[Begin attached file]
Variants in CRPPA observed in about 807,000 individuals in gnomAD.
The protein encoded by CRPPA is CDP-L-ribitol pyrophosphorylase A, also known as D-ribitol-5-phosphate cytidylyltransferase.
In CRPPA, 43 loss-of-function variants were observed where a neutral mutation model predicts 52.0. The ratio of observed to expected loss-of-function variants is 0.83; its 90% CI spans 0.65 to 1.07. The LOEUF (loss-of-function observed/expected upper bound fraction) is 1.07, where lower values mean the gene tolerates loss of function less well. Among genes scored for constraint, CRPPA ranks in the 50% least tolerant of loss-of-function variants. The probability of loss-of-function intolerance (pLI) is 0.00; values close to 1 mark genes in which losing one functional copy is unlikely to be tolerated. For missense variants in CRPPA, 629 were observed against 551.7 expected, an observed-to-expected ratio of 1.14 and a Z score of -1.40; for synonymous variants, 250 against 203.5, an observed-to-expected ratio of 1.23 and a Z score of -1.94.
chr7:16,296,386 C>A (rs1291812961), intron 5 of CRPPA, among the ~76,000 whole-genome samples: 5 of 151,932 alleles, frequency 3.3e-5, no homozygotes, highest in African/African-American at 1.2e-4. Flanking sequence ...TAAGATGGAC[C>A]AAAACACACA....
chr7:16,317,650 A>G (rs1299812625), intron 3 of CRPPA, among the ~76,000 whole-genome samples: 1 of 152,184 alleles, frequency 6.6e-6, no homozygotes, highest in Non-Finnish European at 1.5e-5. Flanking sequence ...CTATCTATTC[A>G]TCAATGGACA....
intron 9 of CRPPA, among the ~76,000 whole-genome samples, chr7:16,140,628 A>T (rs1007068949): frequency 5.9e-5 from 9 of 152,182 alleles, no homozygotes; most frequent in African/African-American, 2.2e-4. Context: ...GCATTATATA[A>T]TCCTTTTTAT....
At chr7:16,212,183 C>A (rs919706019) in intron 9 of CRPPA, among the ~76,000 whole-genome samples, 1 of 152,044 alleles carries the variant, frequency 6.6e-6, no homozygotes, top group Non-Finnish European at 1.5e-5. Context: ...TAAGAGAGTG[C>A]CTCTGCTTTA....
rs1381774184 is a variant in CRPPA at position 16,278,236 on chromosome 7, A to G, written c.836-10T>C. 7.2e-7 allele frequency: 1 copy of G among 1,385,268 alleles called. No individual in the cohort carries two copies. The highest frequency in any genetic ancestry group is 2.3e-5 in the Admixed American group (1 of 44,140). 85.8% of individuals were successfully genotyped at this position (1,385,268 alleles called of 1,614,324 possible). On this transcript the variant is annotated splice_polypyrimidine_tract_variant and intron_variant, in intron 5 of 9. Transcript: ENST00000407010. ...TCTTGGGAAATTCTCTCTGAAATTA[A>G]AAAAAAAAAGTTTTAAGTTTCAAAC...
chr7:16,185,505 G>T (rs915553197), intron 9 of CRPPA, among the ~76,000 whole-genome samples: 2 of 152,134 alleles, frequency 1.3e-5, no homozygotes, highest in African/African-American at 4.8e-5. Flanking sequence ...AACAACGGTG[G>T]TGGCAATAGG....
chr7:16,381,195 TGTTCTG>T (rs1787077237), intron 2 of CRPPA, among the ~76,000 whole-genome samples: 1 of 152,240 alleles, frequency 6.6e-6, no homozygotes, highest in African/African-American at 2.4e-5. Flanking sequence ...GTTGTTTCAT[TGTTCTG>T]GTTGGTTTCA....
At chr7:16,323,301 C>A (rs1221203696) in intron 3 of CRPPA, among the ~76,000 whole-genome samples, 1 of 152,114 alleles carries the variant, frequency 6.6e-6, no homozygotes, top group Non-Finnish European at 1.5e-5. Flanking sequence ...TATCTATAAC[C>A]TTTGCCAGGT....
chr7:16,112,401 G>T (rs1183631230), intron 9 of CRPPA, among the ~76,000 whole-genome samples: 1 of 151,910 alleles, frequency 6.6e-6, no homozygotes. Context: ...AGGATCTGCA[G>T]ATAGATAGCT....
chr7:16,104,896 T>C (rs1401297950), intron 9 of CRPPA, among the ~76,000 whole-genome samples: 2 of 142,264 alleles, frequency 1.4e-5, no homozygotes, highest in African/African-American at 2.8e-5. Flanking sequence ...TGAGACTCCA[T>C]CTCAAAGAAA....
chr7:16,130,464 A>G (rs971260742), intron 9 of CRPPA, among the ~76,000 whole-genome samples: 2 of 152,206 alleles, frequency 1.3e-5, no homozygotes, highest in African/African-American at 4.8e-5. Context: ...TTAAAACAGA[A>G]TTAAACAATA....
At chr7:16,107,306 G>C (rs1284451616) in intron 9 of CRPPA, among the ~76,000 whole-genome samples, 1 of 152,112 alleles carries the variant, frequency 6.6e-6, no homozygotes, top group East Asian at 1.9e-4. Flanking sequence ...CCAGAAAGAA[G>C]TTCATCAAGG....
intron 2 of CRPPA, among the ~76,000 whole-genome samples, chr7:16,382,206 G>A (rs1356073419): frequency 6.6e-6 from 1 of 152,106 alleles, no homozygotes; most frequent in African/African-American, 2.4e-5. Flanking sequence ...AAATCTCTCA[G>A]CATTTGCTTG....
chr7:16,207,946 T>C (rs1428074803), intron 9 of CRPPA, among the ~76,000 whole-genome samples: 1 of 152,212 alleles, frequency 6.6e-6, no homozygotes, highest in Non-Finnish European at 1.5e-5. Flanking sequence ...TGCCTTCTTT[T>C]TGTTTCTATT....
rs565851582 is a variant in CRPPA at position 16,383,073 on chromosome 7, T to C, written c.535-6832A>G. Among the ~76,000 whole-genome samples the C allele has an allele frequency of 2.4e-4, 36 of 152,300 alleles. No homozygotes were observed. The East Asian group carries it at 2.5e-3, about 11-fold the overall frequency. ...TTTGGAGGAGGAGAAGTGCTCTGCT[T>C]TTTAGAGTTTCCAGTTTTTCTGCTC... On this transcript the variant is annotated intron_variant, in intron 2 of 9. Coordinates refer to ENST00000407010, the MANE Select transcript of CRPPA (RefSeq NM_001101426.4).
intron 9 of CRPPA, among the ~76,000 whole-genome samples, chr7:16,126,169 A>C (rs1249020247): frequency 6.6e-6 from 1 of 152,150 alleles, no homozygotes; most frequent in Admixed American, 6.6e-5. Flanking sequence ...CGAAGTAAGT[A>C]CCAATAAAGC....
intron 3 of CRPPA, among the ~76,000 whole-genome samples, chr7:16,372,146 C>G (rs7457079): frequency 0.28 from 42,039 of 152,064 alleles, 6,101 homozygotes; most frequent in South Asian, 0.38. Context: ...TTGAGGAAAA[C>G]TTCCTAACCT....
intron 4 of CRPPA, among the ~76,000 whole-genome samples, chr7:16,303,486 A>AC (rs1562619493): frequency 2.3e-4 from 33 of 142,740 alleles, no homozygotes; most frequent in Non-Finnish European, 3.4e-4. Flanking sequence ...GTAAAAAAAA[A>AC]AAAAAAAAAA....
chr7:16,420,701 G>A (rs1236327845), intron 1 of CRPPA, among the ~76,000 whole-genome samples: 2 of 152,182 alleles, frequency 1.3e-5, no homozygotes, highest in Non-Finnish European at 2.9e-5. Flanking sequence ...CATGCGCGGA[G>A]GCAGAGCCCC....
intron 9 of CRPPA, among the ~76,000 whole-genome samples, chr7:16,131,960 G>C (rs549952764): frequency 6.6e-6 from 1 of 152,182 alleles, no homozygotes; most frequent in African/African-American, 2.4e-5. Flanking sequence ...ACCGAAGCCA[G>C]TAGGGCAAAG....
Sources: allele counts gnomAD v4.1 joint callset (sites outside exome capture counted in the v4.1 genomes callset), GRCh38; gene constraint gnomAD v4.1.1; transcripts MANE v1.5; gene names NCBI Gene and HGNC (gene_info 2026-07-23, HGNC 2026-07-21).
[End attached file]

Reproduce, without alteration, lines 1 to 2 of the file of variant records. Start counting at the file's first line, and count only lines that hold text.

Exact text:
Variants in CRPPA observed in about 807,000 individuals in gnomAD.
The protein encoded by CRPPA is CDP-L-ribitol pyrophosphorylase A, also known as D-ribitol-5-phosphate cytidylyltransferase.